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Re: will people still be reading in 20 or 50 or 100 years WAS why ebooks

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  • Jeffrey Marks
    Speaking as a middle school Language Arts teacher, I m entirely baffled and revolted by some of the comments here. We read 3 novels a year in my class, all
    Message 1 of 6 , Mar 1, 2014
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      Speaking as a middle school Language Arts teacher, I'm entirely baffled and revolted by some of the comments here. We read 3 novels a year in my class, all from paper books. 

      We're getting ready to host our annual Read Across America (held on Dr. Suess's b'day) breakfast for the top 20 readers in our school. Some of these kids have read 30+ novels this year. 

      Most of the students I see read paper books. About 30% of the students read eBooks; the rest read paper books, telling me that they prefer it. Of course, many read the latest book tie-ins, but so do adults. 

      I'd be remiss if I didn't even mention that I have multiple Sherlock Holmes fans in the class, who have discovered the Canon based on the two TV shows. They continue to push others in my classes to read the books as well. We meet on a regular basis to discuss the stories and the obvious links to the BBC series in terms of characters and plots. 

      And I have 2 very gifted writers in class, both of whom I expect to see published in their lives. One has a phenomenal voice and the other is a whiz writing non-fiction. 

      Those who are pessimistic about the future are those who do not deal with the current generation on a daily basis. An "us vs. them" mentality is polarizing and absurd.

      Jeff

      --
      Jeffrey Marks
      www.jeffreymarks.com
      Check out my website for news about my books and marketing tips of the month
      Atomic Renaissance: Women Mystery Writers of the 1940s/1950s
      Who Was That Lady? Craig Rice: The Queen of the Screwball Mystery
      Anthony Boucher: A Biobibliography -- 2009 Anthony winner
    • Allan Griffith
      ... How kids turn out depends very much on their school. Those who are lucky enough to attend a good school in a good neighbourhood and who have the even
      Message 2 of 6 , Mar 1, 2014
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        On 1 March 2014 22:56, Jeffrey Marks <jeffrmarks@...> wrote:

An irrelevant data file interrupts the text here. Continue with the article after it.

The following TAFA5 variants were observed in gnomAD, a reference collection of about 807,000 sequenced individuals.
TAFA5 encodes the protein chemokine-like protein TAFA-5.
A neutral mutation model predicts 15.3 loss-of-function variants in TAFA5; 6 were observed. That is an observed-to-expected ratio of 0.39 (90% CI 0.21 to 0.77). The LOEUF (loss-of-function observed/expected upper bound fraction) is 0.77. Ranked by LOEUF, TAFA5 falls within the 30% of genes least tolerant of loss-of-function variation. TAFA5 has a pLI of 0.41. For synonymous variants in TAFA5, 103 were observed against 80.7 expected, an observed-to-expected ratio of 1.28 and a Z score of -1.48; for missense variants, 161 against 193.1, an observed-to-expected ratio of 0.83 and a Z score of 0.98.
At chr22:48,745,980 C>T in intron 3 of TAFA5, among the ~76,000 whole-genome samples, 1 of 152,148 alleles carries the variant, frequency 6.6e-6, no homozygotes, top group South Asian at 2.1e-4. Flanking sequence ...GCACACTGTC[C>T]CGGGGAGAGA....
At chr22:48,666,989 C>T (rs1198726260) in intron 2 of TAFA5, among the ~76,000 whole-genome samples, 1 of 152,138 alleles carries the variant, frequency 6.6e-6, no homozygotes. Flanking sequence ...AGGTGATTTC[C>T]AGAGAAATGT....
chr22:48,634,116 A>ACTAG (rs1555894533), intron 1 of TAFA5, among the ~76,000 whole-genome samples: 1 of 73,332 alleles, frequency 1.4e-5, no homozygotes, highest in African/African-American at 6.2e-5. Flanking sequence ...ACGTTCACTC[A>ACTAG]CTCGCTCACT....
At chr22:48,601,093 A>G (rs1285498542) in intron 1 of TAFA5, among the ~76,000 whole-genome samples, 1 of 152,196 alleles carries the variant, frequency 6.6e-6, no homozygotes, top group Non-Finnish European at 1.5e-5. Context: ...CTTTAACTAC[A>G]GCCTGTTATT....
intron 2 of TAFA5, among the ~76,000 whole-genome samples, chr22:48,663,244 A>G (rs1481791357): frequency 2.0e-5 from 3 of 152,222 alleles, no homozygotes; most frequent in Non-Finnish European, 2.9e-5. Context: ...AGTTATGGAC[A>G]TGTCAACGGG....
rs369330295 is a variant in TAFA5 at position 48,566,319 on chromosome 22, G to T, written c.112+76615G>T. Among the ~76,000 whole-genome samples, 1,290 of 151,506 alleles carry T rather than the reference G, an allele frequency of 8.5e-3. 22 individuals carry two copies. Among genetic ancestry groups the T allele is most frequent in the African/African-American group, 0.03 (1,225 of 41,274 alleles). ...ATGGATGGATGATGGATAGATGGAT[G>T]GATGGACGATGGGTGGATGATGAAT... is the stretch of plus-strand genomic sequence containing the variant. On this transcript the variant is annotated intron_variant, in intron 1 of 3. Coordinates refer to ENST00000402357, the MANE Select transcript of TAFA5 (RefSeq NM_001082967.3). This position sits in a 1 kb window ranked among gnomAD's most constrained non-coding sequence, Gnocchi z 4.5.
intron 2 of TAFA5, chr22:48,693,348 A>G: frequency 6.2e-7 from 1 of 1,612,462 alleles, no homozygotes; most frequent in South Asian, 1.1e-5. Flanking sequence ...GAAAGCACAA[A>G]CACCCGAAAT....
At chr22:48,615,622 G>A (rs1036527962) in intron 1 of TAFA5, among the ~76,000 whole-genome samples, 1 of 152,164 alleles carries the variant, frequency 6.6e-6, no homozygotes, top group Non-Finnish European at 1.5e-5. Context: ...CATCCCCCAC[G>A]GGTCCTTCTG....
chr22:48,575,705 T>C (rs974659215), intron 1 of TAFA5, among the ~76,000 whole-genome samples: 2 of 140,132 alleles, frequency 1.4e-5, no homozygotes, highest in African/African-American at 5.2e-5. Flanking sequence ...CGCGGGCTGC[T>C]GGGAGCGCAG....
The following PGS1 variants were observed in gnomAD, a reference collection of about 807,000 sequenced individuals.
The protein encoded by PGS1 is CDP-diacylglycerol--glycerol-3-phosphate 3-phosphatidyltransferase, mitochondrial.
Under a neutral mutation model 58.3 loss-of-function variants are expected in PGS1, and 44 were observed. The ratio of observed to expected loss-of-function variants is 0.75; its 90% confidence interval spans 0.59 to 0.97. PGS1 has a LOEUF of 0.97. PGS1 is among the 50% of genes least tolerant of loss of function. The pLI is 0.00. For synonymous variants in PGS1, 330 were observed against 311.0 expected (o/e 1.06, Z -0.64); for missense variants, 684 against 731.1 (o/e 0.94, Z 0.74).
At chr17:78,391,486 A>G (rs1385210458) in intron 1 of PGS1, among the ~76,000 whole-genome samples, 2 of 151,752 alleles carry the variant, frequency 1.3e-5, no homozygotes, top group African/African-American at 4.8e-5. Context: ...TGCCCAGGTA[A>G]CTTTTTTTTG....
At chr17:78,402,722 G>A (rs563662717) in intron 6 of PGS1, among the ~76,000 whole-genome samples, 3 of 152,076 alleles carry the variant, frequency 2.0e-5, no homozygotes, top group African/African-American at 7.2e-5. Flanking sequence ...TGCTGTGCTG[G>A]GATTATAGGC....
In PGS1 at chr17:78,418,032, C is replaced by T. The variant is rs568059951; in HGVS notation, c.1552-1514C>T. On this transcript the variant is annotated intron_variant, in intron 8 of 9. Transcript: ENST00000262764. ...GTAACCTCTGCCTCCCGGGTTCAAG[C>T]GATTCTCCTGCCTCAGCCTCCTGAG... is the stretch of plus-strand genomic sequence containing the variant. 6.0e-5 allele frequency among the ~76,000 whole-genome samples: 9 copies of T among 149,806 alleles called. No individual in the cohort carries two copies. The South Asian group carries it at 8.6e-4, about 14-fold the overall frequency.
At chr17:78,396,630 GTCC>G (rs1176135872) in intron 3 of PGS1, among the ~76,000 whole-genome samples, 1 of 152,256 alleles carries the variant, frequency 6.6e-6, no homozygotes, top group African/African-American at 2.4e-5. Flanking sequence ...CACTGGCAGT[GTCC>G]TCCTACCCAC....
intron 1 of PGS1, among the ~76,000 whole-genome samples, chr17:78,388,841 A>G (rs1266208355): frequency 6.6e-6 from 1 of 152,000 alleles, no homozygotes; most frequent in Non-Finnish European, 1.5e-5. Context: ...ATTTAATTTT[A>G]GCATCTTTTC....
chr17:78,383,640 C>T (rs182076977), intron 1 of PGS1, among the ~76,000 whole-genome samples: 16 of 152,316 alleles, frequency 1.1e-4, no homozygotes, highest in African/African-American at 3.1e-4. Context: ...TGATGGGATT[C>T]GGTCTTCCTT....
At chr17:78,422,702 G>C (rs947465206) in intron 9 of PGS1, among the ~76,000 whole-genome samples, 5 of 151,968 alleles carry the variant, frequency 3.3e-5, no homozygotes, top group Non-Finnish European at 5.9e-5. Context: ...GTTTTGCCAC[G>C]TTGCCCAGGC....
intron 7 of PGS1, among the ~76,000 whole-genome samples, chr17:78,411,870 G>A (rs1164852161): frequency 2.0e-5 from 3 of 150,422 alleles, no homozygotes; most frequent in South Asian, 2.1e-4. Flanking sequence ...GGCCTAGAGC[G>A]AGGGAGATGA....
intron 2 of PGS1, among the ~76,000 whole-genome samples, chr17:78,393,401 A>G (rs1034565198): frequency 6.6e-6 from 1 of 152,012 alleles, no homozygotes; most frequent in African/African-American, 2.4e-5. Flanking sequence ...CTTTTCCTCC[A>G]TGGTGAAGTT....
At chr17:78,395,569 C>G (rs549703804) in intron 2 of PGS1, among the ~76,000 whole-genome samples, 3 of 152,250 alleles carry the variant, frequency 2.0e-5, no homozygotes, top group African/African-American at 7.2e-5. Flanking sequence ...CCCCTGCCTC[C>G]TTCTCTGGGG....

Speaking as a middle school Language Arts teacher, I'm entirely baffled and revolted by some of the comments here. We read 3 novels a year in my class, all from paper books. 

        How kids turn out depends very much on their school. Those who are lucky enough to attend a good school in a good neighbourhood and who have the even greater good fortune to have an enthusiastic and capable teacher still have a fighting chance of getting a decent education. 

        What really depresses me in my dealings with young people these days is the extraordinary degree of intellectual conformism. And the almost complete absence of any genuine spirit of intellectual inquiry. And even more disturbingly, what seems to be a morbid fear of ideas that might challenge the ideas they are force-fed by the media and by the schools.

        Al
      • mingbooks
        This great news.If children are excited they will learn and read
        Message 3 of 6 , Mar 1, 2014
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          This great news.If children are excited they will learn and read
        • Allan Griffith
          ... That s true, although getting them excited about reading is only half the battle. You have to teach them to read with the right degree of scepticism, so
          Message 4 of 6 , Mar 1, 2014
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            On 1 March 2014 23:23, <mingbooks@...> wrote:


            This great news.If children are excited they will learn and read

            That's true, although getting them excited about reading is only half the battle. You have to teach them to read with the right degree of scepticism, so that they aren't just consuming what they're reading uncritically. And you have to teach them to read books that they might not agree with, books that might actually challenge their ideas. 

            Al 
          • jeffrey1marks
            Al, I resent your statements that I am part of a mass effort to impose intellectual conformism on my students. You don t know me, and you ve never seen me
            Message 5 of 6 , Mar 1, 2014
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              Al, 

              I resent your statements that I am part of a mass effort to impose intellectual conformism on my students. You don't know me, and you've never seen me teach. Your statements are insulting and incredibly wrong. 

              Can we PLEASE get back to discussing books?

              Jeff
            • Allan Griffith
              ... It was certainly not my intention to blame you personally for anything at all. As I thought was clear in my comments on students who have the good fortune
              Message 6 of 6 , Mar 1, 2014
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                On 2 March 2014 00:52, <jeffrmarks@...> wrote:


                Al, 

                I resent your statements that I am part of a mass effort to impose intellectual conformism on my students. You don't know me, and you've never seen me teach. Your statements are insulting and incredibly wrong. 

                Can we PLEASE get back to discussing books?

                Jeff

                It was certainly not my intention to blame you personally for anything at all. As I thought was clear in my comments on students who have the good fortune to have good teachers I was including you in that category.

                Al
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